I am about to launch a whole school rapport and relationships campaign to improve our staff’s communication with pupils. How do you think I should go about this to improve pupil attainment? (Anonymous)
Happy children learn well. Children who are comfortable with the staff members who are teaching them learn better. The link between learning and accessing a child’s rationale brain function is so important. If you’re feeling anxious, worried, or scared you can’t access the rational brain, you need to access that prefrontal cortex where higher order thinking happens, and memory starts embedding. It is therefore important to remember relationships and rapport are important from that perspective.
You can have thousands of strategies for building relationships and rapport between young people and their teachers/staff, but we are also interested in how you build rapport and relationships between the adults. If you try and do one without the other, you’re only doing half a job. If you only focus on building relationships with the students, you’re forgetting that as teachers we are interdependent as well. We rely on each other for our happiness, our wellbeing, our stress management etc.
Happy staff communicate better, build better relationships and are more comfortable around their students.
To build relationships and rapport amongst staff you could introduce ‘secret staffroom’. This is where you put all staff members names into a hat, everyone picks out a name, then between the draw and the end of term you must do three secret acts of kindness for the member of staff you have chosen.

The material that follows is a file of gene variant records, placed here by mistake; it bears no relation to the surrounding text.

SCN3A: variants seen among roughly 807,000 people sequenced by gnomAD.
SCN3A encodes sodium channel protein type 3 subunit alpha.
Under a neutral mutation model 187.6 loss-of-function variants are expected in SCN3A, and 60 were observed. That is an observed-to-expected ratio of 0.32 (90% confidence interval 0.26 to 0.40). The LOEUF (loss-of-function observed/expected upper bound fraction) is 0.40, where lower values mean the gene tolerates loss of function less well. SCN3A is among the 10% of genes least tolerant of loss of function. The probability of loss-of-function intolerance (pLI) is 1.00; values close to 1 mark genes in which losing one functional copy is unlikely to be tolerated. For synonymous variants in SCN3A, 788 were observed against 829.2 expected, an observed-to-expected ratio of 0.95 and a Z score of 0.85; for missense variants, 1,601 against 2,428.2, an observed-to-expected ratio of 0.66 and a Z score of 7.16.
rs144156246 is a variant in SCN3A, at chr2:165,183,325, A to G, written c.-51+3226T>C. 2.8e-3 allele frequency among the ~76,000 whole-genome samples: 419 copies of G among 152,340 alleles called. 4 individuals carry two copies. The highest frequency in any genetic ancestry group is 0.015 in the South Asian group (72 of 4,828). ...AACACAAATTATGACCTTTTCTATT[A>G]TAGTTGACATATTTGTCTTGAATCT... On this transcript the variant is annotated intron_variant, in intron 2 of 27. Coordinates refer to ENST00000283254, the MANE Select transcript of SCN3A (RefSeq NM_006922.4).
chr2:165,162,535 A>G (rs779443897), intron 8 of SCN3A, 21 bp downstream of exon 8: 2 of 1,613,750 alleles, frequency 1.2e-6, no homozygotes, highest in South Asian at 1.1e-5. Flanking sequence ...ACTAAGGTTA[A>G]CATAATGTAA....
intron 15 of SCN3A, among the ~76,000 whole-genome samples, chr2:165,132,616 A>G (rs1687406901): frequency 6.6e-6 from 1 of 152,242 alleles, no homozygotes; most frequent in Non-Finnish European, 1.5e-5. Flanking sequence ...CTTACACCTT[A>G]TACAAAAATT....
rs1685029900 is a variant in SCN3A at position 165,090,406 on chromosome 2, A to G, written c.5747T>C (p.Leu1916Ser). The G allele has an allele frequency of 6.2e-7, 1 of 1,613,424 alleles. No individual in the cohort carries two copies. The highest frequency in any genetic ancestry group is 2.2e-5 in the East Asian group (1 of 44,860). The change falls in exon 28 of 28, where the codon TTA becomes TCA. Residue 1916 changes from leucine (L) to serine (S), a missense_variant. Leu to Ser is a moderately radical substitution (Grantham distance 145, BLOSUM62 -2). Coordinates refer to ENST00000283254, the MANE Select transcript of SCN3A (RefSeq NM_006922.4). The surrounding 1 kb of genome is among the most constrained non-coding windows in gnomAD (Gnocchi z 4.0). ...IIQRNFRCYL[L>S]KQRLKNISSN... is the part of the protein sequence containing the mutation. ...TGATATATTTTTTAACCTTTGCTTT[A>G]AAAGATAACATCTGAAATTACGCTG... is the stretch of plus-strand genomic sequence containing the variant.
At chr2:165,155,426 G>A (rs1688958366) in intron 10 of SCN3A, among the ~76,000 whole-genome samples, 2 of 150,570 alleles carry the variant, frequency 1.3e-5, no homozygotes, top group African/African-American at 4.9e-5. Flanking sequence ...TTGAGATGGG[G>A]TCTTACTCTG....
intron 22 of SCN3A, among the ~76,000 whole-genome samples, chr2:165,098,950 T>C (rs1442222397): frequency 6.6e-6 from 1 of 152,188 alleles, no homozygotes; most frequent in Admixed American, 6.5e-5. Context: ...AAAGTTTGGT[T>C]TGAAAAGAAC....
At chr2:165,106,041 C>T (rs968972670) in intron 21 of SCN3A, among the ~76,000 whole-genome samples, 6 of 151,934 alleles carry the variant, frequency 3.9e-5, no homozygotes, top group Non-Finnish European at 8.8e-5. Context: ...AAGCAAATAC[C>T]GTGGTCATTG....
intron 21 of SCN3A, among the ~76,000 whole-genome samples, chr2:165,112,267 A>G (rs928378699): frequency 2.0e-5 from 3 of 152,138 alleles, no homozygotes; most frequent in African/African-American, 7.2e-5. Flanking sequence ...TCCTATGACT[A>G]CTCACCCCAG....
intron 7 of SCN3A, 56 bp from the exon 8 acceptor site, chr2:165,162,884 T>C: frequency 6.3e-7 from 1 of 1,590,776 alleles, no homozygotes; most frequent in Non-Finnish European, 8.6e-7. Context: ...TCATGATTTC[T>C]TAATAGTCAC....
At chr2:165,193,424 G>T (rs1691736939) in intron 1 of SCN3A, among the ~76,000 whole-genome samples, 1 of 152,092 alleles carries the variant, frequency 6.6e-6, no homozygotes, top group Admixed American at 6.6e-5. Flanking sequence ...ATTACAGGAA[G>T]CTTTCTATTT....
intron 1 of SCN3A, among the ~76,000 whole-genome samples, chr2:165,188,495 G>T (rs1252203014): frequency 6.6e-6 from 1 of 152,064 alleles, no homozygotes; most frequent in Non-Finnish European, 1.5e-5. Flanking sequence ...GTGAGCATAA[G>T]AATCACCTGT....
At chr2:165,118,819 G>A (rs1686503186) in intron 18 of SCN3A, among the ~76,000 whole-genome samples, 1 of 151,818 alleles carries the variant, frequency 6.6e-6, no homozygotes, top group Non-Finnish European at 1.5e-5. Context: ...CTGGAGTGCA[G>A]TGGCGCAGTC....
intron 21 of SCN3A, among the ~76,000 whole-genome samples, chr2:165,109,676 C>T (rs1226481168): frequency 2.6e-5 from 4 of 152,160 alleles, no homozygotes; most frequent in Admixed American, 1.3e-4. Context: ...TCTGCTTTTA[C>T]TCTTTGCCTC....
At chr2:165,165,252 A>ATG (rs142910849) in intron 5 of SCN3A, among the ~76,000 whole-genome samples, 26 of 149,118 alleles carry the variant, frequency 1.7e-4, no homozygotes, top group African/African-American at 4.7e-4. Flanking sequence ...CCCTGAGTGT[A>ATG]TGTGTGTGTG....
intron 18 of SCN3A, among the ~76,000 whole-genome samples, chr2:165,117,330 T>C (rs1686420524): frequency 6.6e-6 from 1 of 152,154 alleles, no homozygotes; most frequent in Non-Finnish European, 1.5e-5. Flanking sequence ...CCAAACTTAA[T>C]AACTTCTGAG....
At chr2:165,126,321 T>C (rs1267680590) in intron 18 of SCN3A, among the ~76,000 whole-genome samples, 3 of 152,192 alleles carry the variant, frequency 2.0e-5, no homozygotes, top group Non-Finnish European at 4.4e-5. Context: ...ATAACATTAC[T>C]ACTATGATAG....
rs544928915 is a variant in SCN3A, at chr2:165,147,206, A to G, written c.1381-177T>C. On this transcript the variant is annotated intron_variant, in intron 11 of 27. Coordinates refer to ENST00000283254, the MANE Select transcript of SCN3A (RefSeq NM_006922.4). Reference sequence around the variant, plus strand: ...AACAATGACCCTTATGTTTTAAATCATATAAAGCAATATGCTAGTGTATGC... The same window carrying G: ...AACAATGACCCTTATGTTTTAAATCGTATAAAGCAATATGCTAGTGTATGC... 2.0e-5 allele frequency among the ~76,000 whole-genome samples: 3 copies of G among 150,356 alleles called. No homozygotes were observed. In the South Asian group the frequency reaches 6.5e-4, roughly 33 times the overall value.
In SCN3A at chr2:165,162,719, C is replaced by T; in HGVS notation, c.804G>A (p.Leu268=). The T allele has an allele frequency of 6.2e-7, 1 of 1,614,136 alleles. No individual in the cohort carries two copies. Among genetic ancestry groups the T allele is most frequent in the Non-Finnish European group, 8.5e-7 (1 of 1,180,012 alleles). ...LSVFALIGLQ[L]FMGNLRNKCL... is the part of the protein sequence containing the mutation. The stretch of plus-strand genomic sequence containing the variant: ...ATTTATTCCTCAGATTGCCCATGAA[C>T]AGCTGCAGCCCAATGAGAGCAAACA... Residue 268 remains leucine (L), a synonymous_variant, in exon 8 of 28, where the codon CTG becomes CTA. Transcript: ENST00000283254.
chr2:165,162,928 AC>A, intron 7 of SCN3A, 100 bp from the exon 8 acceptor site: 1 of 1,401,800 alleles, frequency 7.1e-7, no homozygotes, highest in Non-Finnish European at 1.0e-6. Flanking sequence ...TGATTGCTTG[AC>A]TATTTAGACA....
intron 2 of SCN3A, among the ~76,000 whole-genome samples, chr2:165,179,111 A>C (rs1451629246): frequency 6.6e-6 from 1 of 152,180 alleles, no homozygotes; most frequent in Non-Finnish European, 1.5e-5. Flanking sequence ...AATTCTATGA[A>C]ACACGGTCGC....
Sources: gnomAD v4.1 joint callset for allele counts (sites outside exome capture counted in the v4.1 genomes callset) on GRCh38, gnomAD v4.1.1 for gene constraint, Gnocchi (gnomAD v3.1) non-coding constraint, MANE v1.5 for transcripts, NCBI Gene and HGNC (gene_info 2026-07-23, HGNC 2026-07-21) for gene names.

For instance, you might leave a chocolate bar in their pigeonhole, or put a flower on their door, or write their name in the snow outside their classroom. At the end of term, you then guess who completed the acts of kindness towards you.
This is a very practical way of building that rapport quickly. Positive notes are also not just for children, positive notes are for members of staff as well and you could issue one to a member of staff who has done something for you in previous weeks, those who deserve a little extra thanks. That little note is significant.
You must also look at conversations with students where they could potentially go very wrong. When you’re talking to a student who has dug their heels in, and they begin shouting ‘I’m not doing it’, or ‘you can’t make me’, how do you deal with this? How you behave is critical because many teachers will choose that moment to put their relationship on the line.
The whole relationship is then based on the ups and downs of daily behaviour. To prevent this turmoil, introduce scripted interventions, and plan so that all staff can intervene and deal with difficult situations by falling back on the scripted intervention, rather than trying to improvise their way through. The most damage to relationships is done when children or when the member of staff is angry.
If you can stop those fractures in the relationship, then that has a huge impact on sustaining a positive relationship. Do not risk your relationship on a behaviour issue, it is too valuable for that. Remember ‘they won’t remember what you taught them, but they will remember how you treated them’ and this is important here.
With all of this in place you can then start to introduce lighter strategies such as the praise, the positive reinforcement, the recognition. These will imbed quicker because you’re not having to restore or repair damage that’s happened in a difficult situation.
For more information on the Classroom Culture train-the-trainer programme, our Hearts & Minds INSET, or how your school can get a Behaviour Health Check, go to our Classroom Culture programme page and fill in the consultation form.
For more answers to your questions see our Q&A introduction page.